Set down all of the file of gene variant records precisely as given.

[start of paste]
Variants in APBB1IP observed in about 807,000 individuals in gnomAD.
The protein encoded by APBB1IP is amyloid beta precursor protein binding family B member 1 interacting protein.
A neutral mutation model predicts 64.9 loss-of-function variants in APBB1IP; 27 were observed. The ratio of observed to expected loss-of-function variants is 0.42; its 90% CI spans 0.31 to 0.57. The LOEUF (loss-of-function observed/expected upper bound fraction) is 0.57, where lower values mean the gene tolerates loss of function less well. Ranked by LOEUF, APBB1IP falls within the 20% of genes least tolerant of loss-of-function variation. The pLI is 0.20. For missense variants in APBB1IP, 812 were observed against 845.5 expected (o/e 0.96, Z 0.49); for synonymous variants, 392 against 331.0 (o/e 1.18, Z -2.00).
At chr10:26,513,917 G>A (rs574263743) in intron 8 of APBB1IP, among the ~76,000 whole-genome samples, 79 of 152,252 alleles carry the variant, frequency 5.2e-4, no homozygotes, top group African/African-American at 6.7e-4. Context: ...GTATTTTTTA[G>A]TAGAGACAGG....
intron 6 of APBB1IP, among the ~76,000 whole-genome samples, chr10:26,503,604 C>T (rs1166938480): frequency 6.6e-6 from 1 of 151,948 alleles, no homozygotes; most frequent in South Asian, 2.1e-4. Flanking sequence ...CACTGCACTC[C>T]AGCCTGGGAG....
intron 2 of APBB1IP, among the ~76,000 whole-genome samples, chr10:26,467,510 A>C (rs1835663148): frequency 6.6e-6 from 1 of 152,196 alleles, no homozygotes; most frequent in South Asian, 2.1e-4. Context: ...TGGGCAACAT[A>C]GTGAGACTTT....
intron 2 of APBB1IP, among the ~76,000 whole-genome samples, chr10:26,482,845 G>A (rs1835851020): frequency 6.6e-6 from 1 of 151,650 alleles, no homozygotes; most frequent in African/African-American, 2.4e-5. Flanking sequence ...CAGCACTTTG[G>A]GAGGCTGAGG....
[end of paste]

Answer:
Variants in APBB1IP observed in about 807,000 individuals in gnomAD.
The protein encoded by APBB1IP is amyloid beta precursor protein binding family B member 1 interacting protein.
A neutral mutation model predicts 64.9 loss-of-function variants in APBB1IP; 27 were observed. The ratio of observed to expected loss-of-function variants is 0.42; its 90% CI spans 0.31 to 0.57. The LOEUF (loss-of-function observed/expected upper bound fraction) is 0.57, where lower values mean the gene tolerates loss of function less well. Ranked by LOEUF, APBB1IP falls within the 20% of genes least tolerant of loss-of-function variation. The pLI is 0.20. For missense variants in APBB1IP, 812 were observed against 845.5 expected (o/e 0.96, Z 0.49); for synonymous variants, 392 against 331.0 (o/e 1.18, Z -2.00).
At chr10:26,513,917 G>A (rs574263743) in intron 8 of APBB1IP, among the ~76,000 whole-genome samples, 79 of 152,252 alleles carry the variant, frequency 5.2e-4, no homozygotes, top group African/African-American at 6.7e-4. Context: ...GTATTTTTTA[G>A]TAGAGACAGG....
intron 6 of APBB1IP, among the ~76,000 whole-genome samples, chr10:26,503,604 C>T (rs1166938480): frequency 6.6e-6 from 1 of 151,948 alleles, no homozygotes; most frequent in South Asian, 2.1e-4. Flanking sequence ...CACTGCACTC[C>T]AGCCTGGGAG....
intron 2 of APBB1IP, among the ~76,000 whole-genome samples, chr10:26,467,510 A>C (rs1835663148): frequency 6.6e-6 from 1 of 152,196 alleles, no homozygotes; most frequent in South Asian, 2.1e-4. Context: ...TGGGCAACAT[A>C]GTGAGACTTT....
intron 2 of APBB1IP, among the ~76,000 whole-genome samples, chr10:26,482,845 G>A (rs1835851020): frequency 6.6e-6 from 1 of 151,650 alleles, no homozygotes; most frequent in African/African-American, 2.4e-5. Flanking sequence ...CAGCACTTTG[G>A]GAGGCTGAGG....